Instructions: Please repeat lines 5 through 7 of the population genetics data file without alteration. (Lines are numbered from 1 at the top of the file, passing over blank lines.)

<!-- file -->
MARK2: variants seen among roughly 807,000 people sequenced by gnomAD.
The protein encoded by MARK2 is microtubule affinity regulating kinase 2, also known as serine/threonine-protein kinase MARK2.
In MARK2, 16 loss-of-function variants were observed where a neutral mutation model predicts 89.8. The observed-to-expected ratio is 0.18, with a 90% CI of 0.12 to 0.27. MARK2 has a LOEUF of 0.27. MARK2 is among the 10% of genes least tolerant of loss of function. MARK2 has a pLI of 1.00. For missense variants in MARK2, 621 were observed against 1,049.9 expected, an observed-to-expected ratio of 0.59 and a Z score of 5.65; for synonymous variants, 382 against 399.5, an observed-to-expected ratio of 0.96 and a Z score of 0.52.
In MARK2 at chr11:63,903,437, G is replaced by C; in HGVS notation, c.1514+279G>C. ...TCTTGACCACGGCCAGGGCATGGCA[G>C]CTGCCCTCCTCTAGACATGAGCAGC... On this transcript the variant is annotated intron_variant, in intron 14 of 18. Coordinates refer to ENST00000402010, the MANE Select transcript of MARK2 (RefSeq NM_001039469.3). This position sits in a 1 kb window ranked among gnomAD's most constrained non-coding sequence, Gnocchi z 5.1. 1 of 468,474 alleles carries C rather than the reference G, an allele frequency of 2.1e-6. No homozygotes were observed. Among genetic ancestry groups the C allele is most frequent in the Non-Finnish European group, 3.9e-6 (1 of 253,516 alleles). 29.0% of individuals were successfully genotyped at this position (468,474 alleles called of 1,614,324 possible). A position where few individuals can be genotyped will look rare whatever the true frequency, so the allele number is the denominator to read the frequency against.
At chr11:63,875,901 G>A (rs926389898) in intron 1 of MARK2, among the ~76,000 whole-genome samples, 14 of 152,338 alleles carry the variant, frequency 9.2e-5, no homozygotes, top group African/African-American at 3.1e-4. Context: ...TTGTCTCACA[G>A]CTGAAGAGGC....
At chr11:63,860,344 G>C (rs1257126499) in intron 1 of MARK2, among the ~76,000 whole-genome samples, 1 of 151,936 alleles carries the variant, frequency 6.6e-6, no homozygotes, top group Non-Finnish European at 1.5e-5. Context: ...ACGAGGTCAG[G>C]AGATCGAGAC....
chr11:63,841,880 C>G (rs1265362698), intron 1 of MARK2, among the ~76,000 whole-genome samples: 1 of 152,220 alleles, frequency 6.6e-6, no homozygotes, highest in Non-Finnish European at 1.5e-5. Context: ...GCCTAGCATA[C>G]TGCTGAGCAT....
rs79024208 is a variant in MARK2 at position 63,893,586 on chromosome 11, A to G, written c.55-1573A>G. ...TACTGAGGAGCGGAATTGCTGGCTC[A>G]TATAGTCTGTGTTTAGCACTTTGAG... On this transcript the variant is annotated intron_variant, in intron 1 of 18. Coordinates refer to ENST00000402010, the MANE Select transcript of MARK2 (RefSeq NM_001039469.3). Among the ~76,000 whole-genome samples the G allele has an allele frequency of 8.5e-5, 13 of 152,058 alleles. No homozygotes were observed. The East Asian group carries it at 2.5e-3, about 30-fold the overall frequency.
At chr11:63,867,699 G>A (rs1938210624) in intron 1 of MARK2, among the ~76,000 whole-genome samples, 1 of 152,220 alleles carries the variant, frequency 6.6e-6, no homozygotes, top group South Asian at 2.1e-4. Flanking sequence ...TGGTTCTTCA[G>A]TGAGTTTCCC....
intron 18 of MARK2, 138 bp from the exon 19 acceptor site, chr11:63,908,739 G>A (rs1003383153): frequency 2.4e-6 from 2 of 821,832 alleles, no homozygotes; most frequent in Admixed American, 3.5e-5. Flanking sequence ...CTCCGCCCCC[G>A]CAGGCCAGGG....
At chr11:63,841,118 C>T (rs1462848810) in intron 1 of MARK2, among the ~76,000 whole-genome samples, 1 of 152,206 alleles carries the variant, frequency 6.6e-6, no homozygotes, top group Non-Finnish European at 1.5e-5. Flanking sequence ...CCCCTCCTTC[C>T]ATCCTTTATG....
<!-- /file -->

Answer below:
At chr11:63,875,901 G>A (rs926389898) in intron 1 of MARK2, among the ~76,000 whole-genome samples, 14 of 152,338 alleles carry the variant, frequency 9.2e-5, no homozygotes, top group African/African-American at 3.1e-4. Context: ...TTGTCTCACA[G>A]CTGAAGAGGC....
At chr11:63,860,344 G>C (rs1257126499) in intron 1 of MARK2, among the ~76,000 whole-genome samples, 1 of 151,936 alleles carries the variant, frequency 6.6e-6, no homozygotes, top group Non-Finnish European at 1.5e-5. Context: ...ACGAGGTCAG[G>C]AGATCGAGAC....
chr11:63,841,880 C>G (rs1265362698), intron 1 of MARK2, among the ~76,000 whole-genome samples: 1 of 152,220 alleles, frequency 6.6e-6, no homozygotes, highest in Non-Finnish European at 1.5e-5. Context: ...GCCTAGCATA[C>G]TGCTGAGCAT....